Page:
The Emergence of the Interior
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The Emergence of the Interior

Architecture, Modernity, Domesticity

Charles Rice

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  2. English
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eBook - ePub

The Emergence of the Interior

Architecture, Modernity, Domesticity

Charles Rice

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About This Book

Taking a radical position counter to many previous histories and theories of the interior, domesticity and the home, The Emergence of the Interior considers how the concept and experience of the domestic interior have been formed from the beginning of the nineteenth century. It considers the interior's emergence in relation to the thinking of Walter Benjamin and Sigmund Freud, and, through case studies, in architecture's trajectories toward modernism.

The book argues that the interior emerged with a sense of 'doubleness', being understood and experienced as both a spatial and an image-based condition. Incorporating perspectives from architecture, critical history and theory, and psychoanalysis, The Emergence of the Interior will be of interest to academics and students of the history and theory of architecture and design, social history, and cultural studies.

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Part 1

Chapter 1

Irrecoverable inhabitations

Walter Benjamin and histories of the interior

Ever since the time of Louis Philippe, the bourgeois has shown a tendency to compensate for the absence of any trace of private life in the big city. He tries to do this within the four walls of his apartment. It is as if he made it a point of honour not to allow the traces of his everyday objects and accessories to get lost. Indefatigably, he takes the impression of a host of objects; for his slippers and his watches, his blankets and his umbrellas, he devises coverlets and cases. He has a marked preference for velour and plush, which preserve the imprint of all contact. In the style characteristic of the second empire, the apartment becomes a sort of cockpit. The traces of its inhabitant are moulded into the interior. Here is the origin of the detective story, which inquires into these traces and follows these tracks.1
With these lines, Walter Benjamin gives a distilled account of the fabrication and inhabitation of the bourgeois domestic interior. This interior is produced through an infolding, which Benjamin encourages one to consider literally in terms of the interior as a soft and impressionable surface. This surface does not produce a hermetic seal against the external world, but rather is activated through the inhabitant’s relation to the city and its world of publicness, business and commerce, and enables a subjectivity and a social identity marked ‘bourgeois’ to be supported artefactually. The impressionable surface holds on to the artefacts liberated from the world of commodities and interiorized for the securing of a private life; the surface folds to encase the inhabitant and these collected objects. The indefatigable collector understands that such a fabrication of the interior is a continual process, a set of techniques and practices that ensure the ongoing viability of a self. Yet the traces registered on the interior’s impressionable surface also position the inhabiting subject in a constricting sense. Such traces imply detection, and the detective inevitably begins an investigation at the discovery of a dead body.2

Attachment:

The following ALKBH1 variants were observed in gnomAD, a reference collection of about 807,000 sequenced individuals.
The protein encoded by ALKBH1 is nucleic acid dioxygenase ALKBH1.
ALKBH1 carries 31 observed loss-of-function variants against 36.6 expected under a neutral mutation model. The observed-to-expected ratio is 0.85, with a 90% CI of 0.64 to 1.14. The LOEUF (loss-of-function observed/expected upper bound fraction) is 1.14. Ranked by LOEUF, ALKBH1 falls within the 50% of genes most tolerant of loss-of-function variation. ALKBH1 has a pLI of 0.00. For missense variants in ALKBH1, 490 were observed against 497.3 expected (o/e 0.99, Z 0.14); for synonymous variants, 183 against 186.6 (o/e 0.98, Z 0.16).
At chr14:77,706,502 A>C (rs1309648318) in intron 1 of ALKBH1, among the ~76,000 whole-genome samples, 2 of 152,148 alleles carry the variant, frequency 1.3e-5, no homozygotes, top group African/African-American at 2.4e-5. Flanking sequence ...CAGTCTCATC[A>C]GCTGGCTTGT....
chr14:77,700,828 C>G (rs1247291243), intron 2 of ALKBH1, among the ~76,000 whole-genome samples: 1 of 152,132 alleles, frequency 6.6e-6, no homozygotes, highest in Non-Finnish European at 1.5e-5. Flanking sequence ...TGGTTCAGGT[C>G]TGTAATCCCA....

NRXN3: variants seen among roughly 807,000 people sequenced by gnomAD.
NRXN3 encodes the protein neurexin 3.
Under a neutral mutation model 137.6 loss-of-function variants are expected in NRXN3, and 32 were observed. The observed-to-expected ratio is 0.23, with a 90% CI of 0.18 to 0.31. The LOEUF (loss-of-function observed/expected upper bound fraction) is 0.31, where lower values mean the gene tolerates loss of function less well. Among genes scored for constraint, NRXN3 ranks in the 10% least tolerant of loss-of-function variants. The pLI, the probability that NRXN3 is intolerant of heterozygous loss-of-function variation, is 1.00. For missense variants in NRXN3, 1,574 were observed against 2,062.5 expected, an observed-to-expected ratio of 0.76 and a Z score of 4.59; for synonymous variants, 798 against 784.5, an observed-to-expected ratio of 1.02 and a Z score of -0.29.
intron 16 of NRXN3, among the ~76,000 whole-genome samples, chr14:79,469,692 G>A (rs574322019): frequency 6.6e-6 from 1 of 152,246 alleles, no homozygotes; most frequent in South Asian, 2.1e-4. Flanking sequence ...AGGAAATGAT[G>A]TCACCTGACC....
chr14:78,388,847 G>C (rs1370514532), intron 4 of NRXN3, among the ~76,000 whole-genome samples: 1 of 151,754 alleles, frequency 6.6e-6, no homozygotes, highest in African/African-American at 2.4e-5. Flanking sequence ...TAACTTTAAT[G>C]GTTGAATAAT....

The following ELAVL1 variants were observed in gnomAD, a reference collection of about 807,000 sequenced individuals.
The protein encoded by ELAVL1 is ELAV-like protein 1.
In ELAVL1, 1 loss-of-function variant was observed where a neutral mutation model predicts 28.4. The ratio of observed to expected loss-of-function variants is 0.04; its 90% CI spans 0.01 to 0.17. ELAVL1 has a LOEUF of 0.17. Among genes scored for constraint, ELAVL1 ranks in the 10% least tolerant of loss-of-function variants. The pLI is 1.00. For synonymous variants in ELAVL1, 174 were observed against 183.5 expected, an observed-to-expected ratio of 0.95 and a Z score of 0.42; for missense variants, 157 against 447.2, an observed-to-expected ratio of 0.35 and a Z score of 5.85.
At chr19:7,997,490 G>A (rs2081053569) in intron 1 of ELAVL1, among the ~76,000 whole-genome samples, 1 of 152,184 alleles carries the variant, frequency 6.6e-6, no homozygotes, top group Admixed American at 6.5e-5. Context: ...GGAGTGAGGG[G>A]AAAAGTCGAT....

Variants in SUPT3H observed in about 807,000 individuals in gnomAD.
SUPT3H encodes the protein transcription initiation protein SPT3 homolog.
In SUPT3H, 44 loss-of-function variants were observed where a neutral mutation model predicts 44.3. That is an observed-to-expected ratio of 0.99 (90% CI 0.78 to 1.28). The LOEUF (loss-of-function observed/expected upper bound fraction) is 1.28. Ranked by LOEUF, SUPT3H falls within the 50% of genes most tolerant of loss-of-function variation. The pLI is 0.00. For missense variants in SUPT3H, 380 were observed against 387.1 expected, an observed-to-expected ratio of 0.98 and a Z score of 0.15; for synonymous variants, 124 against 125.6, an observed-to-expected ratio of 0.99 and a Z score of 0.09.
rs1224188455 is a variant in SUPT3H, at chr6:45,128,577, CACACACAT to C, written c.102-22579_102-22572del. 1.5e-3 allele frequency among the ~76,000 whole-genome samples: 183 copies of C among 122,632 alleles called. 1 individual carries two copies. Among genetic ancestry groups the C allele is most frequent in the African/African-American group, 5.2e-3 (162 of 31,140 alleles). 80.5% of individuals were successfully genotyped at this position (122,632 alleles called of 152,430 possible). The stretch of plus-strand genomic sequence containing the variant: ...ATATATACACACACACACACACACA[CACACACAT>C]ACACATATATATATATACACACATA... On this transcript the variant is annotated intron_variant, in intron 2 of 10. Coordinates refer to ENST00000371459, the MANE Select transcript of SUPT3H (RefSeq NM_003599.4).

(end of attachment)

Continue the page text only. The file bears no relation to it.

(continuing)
This chapter reads the historical emergence of the interior through the writings of Benjamin, focusing primarily on The Arcades Project. It aims to expand upon Benjamin’s often gnomic pronouncements, and then focus his thinking in terms of two sets of issues concerning the study of the interior. The first set has to do with the evidence the interior furnishes for historical study. The trace of the inhabitant, caught as it is between securing a private identity, and positioning the subject within frames of detection and governance, suggests that one cannot assume its transparency to something like a stable or true essence of bourgeois private life. Indeed, the supposed stability offered by the interior is a reaction to the alienation and disjunctions of the modernizing city, as well as being complicit with the forms of surveillance and governance produced by and through the city. In this way, the trace has effects both within the historical context of bourgeois domesticity, and in the way one may have access to it as a historical context. As an extension of these issues, a second line of investigation engages with the status of the nineteenth century against an ever-shifting context of the present. Emerging through Benjamin’s account of the bourgeois domestic interior is a philosophy of history that reveals critical and illuminating discontinuities in the movement of historical time.
The resources for thinking developed in this reading of Benjamin are used to critique the ways in which historical studies of the interior, privacy and domesticity have been conventionally conceived. These studies have tended to confuse the constricted, mortified inhabitant with its counterpart, the private individual who is supposed to ‘live on’ through history. Following Benjamin’s own historical treatment of the interior, it will be shown that while the effects of the interior’s emergence are felt in palpable ways in the present, it is not because of its progressive, stylistic development, or because of the continuity of its inhabiting subject.

The short historical life of the bourgeois domestic interior